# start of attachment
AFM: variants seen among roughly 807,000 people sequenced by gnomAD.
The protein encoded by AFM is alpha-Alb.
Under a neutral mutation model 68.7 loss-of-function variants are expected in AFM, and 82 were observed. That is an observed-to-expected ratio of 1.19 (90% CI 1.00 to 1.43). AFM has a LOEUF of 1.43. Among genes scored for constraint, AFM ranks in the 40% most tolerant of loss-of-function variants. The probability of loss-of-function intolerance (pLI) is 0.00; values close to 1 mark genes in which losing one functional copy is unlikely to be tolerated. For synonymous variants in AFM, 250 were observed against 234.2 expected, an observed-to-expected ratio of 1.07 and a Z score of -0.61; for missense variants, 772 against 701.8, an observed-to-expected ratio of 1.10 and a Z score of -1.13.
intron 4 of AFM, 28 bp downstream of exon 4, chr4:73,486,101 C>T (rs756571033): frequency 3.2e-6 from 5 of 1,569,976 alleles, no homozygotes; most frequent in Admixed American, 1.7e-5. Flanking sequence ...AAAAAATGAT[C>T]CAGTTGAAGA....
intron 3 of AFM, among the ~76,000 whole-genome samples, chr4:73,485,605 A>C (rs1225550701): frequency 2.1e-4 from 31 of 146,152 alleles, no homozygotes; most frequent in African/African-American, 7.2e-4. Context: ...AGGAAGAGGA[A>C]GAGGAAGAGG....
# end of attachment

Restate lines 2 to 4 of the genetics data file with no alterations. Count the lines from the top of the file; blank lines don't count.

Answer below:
The protein encoded by AFM is alpha-Alb.
Under a neutral mutation model 68.7 loss-of-function variants are expected in AFM, and 82 were observed. That is an observed-to-expected ratio of 1.19 (90% CI 1.00 to 1.43). AFM has a LOEUF of 1.43. Among genes scored for constraint, AFM ranks in the 40% most tolerant of loss-of-function variants. The probability of loss-of-function intolerance (pLI) is 0.00; values close to 1 mark genes in which losing one functional copy is unlikely to be tolerated. For synonymous variants in AFM, 250 were observed against 234.2 expected, an observed-to-expected ratio of 1.07 and a Z score of -0.61; for missense variants, 772 against 701.8, an observed-to-expected ratio of 1.10 and a Z score of -1.13.
intron 4 of AFM, 28 bp downstream of exon 4, chr4:73,486,101 C>T (rs756571033): frequency 3.2e-6 from 5 of 1,569,976 alleles, no homozygotes; most frequent in Admixed American, 1.7e-5. Flanking sequence ...AAAAAATGAT[C>T]CAGTTGAAGA....